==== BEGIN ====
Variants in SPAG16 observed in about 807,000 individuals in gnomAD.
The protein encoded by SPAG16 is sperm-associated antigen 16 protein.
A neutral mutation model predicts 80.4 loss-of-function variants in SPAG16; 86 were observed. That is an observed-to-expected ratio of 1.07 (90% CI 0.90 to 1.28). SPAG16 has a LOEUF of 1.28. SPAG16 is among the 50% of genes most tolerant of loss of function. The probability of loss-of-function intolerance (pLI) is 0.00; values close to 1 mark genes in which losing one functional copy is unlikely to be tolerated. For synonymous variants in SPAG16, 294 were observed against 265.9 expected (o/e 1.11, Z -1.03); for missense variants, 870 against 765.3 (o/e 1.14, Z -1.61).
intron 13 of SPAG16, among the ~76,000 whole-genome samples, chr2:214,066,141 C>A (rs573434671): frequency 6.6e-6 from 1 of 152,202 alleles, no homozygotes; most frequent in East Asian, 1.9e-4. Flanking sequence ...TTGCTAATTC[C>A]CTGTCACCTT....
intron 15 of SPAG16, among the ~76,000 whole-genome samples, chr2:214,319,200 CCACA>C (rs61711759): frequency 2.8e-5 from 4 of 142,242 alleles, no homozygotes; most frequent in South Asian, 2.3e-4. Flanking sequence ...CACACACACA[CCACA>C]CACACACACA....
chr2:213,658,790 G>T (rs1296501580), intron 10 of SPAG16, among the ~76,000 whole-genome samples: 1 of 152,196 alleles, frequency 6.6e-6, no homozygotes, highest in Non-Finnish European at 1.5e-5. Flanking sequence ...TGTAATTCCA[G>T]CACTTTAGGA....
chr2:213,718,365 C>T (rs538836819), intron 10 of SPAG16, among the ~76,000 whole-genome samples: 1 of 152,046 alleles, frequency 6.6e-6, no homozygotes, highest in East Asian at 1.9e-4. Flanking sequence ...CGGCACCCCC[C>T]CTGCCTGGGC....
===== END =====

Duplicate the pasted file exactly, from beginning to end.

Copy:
Variants in SPAG16 observed in about 807,000 individuals in gnomAD.
The protein encoded by SPAG16 is sperm-associated antigen 16 protein.
A neutral mutation model predicts 80.4 loss-of-function variants in SPAG16; 86 were observed. That is an observed-to-expected ratio of 1.07 (90% CI 0.90 to 1.28). SPAG16 has a LOEUF of 1.28. SPAG16 is among the 50% of genes most tolerant of loss of function. The probability of loss-of-function intolerance (pLI) is 0.00; values close to 1 mark genes in which losing one functional copy is unlikely to be tolerated. For synonymous variants in SPAG16, 294 were observed against 265.9 expected (o/e 1.11, Z -1.03); for missense variants, 870 against 765.3 (o/e 1.14, Z -1.61).
intron 13 of SPAG16, among the ~76,000 whole-genome samples, chr2:214,066,141 C>A (rs573434671): frequency 6.6e-6 from 1 of 152,202 alleles, no homozygotes; most frequent in East Asian, 1.9e-4. Flanking sequence ...TTGCTAATTC[C>A]CTGTCACCTT....
intron 15 of SPAG16, among the ~76,000 whole-genome samples, chr2:214,319,200 CCACA>C (rs61711759): frequency 2.8e-5 from 4 of 142,242 alleles, no homozygotes; most frequent in South Asian, 2.3e-4. Flanking sequence ...CACACACACA[CCACA>C]CACACACACA....
chr2:213,658,790 G>T (rs1296501580), intron 10 of SPAG16, among the ~76,000 whole-genome samples: 1 of 152,196 alleles, frequency 6.6e-6, no homozygotes, highest in Non-Finnish European at 1.5e-5. Flanking sequence ...TGTAATTCCA[G>T]CACTTTAGGA....
chr2:213,718,365 C>T (rs538836819), intron 10 of SPAG16, among the ~76,000 whole-genome samples: 1 of 152,046 alleles, frequency 6.6e-6, no homozygotes, highest in East Asian at 1.9e-4. Flanking sequence ...CGGCACCCCC[C>T]CTGCCTGGGC....